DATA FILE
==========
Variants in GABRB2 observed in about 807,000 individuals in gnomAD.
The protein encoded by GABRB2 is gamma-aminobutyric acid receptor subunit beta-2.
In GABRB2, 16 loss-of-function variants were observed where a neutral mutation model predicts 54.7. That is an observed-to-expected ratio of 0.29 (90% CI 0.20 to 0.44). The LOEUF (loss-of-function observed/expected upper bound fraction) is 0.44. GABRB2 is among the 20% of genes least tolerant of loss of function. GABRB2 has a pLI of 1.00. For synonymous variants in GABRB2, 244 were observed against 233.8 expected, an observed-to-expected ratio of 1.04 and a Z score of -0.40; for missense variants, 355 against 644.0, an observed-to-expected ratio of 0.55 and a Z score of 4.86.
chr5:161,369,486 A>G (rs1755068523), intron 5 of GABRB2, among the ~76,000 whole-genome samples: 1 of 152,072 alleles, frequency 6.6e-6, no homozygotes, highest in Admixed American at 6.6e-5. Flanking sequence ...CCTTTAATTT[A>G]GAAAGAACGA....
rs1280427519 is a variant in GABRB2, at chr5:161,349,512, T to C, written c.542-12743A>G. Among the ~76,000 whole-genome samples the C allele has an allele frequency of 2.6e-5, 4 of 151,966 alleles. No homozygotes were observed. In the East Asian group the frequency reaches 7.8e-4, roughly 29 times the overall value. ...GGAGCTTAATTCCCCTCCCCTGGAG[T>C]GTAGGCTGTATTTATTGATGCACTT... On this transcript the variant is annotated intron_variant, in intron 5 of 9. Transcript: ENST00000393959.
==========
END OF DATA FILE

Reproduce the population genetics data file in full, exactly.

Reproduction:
Variants in GABRB2 observed in about 807,000 individuals in gnomAD.
The protein encoded by GABRB2 is gamma-aminobutyric acid receptor subunit beta-2.
In GABRB2, 16 loss-of-function variants were observed where a neutral mutation model predicts 54.7. That is an observed-to-expected ratio of 0.29 (90% CI 0.20 to 0.44). The LOEUF (loss-of-function observed/expected upper bound fraction) is 0.44. GABRB2 is among the 20% of genes least tolerant of loss of function. GABRB2 has a pLI of 1.00. For synonymous variants in GABRB2, 244 were observed against 233.8 expected, an observed-to-expected ratio of 1.04 and a Z score of -0.40; for missense variants, 355 against 644.0, an observed-to-expected ratio of 0.55 and a Z score of 4.86.
chr5:161,369,486 A>G (rs1755068523), intron 5 of GABRB2, among the ~76,000 whole-genome samples: 1 of 152,072 alleles, frequency 6.6e-6, no homozygotes, highest in Admixed American at 6.6e-5. Flanking sequence ...CCTTTAATTT[A>G]GAAAGAACGA....
rs1280427519 is a variant in GABRB2, at chr5:161,349,512, T to C, written c.542-12743A>G. Among the ~76,000 whole-genome samples the C allele has an allele frequency of 2.6e-5, 4 of 151,966 alleles. No homozygotes were observed. In the East Asian group the frequency reaches 7.8e-4, roughly 29 times the overall value. ...GGAGCTTAATTCCCCTCCCCTGGAG[T>C]GTAGGCTGTATTTATTGATGCACTT... On this transcript the variant is annotated intron_variant, in intron 5 of 9. Transcript: ENST00000393959.